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SoCalGuy said:
would a 6.6 kw charger require new cabling?
Maybe not, if they could do it in one package. The whole thing is a bit moot, though. Either way it would have to be something installed by Fisker.

SoCalGuy said:
Also, anyone have a pic of one of these onboard 6.6kW chargers?
No, but for comparison, here's a liquid cooled 10kW charger in one of the early Model S Alpha prototypes (sans interior).


http://www.flickr.com/photos/[email protected]/sets/72157629747576222/

It sits under the rear passenger seats. For 20kW they put two in parallel.
 

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Hello all, I'm new to this forum. I think I can answer this question since being part of this Nissan Leaf forum. The answer is yes, of course it can be done much the same way for Karma as it is for Leaf, although you did not define the term "reasonable cost". I don't own Karma so cannot comment on installation details, but what's involved is installing additional charger (or two) in parallel to the stock one and enable them whenever stock charger is active. These boosters will inject current along with stock charger into the battery, currents (and so power) just sums up. AS I understand Karma has 3.3kW stock charger - same as '11 and '12 Leaf. So to half charging time you just get another 3.3kW booster charger and to cut charging time to 1/2 of what you have now, you install two boosters. One can get power from the same J1772 inlet you have for 6.6kW total. Two boosters is pushing it - inlet contacts are not rated for such current (48A total), they will get hot and will fail prematurely.
You need to use isolated chargers that can be controlled either over CAN or analog way - either way is OK, but if you go CAN mode you will need to tap into Karma's CAN bus traffic, decipher messages being sent to/from stock charger, and make your own controller sending proper CAN commands to booster charger(s).
The reason I'm writing all this is because I got email from I think Karma owner who asked what it would take to retrofit Karma with the same charger people add to a Leaf. Anyone will tell you that one of best charger choices is of course BRUSA NLG513 OEM charger used in many production EVs, it's also very popular in Europe.
Now, it's time for disclaimer - my company sells and supports these chargers in the USA and Canada, and of course would benefit from selling them for projects like this (though it is tiny volume compared to OEM consumption), but I'm not marketing them or write as supplier - I'm writing as happy user who upgraded OEM way my '2011 Leaf with 3 units (10kW booster) and now usability of my Leaf that charges now 0-80% in about 90 minutes from any 240 VAC outlet (without EVSE) is greatly increased. This upgrade is kind of extreme though, most people would settle for one booster, very few - for two.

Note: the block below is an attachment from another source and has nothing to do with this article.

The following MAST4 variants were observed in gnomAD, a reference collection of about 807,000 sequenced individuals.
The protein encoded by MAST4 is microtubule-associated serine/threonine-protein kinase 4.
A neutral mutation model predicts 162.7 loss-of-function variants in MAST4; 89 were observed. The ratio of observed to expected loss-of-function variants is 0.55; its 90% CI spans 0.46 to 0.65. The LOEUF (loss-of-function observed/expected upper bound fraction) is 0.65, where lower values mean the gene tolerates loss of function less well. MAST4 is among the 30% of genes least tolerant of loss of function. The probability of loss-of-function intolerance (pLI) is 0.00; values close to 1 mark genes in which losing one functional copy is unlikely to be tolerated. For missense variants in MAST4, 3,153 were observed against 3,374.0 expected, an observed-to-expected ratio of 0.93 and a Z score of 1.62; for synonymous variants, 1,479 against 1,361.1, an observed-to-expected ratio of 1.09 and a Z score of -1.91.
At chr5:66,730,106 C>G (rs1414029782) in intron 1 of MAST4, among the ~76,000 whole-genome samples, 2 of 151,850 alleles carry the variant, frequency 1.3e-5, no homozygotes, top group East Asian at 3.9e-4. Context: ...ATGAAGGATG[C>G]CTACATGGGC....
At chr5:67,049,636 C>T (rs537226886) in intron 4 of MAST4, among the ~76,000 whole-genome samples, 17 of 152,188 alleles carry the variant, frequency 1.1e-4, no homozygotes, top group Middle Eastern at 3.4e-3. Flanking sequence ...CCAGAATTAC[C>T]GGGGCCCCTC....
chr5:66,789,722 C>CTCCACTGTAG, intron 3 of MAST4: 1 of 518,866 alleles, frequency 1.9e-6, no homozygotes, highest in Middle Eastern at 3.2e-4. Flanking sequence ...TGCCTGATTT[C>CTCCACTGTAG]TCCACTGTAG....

If you curious, here are couple of photos of what it looks like in my case:
http://www.metricmind.com/leaf/images/120.jpg
http://www.metricmind.com/leaf/images/125.jpg
Here is simple site I put together describing the process what I've done:
http://www.metricmind.com/leaf/main.htm
I did not touch CAN stuff - it works beautifully without it.

Same thing I'm sure can be done for Karma, but as I mentioned, most people would be happy to just double charging rate with only one unit. I don't do this type of work for living, and all the info how it's done is open source, so it can be applied to Karma or pretty much any OEM EV. BTW, there is group effort on Leaf forum to get a batch of NLG5 water cooled chargers to keep the cost down:
http://www.mynissanleaf.com/viewtopic.php?f=41&t=14115
I don't know how much Karma fans talk to Leaf fans, but it many of you would like to explore this path, it would make sense to join Leaf group and benefit from larger quantity discount. Frankly, I don't know what the status of Leaf owners' group is,
I don't follow it.

Anyway, I just felt qualified enough to comment that from technical point of view upgrading Karma's 3.3kW charger with BRUSA NLG513 would also be trivial task, mostly mechanical work - brackets, cabling, etc. Speaking from personal experience.

With enough demand if someone wants to subject his Karma to the upgrade I can assist with this. Simple kit can be developed (as Leaf enthusiasts have done).

Anyway,

Have fun with your cool vehicles, I just thought you all would like to know about all this. Welcome to ask me any questions.

Victor :)
 

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Just want to put my last 2cents in this topic please modify the the car it will give me and Lormax a ton of work . I think one of the smartest things to do is mess around with the can network fry the OBCM and have a 5600 LB brick in your garage . Just PM us when you need the OBCM or the HV battery rebuilt . All ready this week I've had three Karmas come in for not charging at least two of them have faulty,EDM's the third one I believe has a faulty OBCM . And these owners are just trying to charge there cars normally .
On a good note at least if you modify you car you won't void the warranty . This car is so picky why would you even think about modifying it . Just enjoy it the way it is I know this thread is basically a discussion the topic goes around and around . Like I said my 2 cents

Oh yeah it's easy to do on Nissan Leaf they still can get parts . And the Karma and the Leaf have so much in common in the way the charging systems were designed .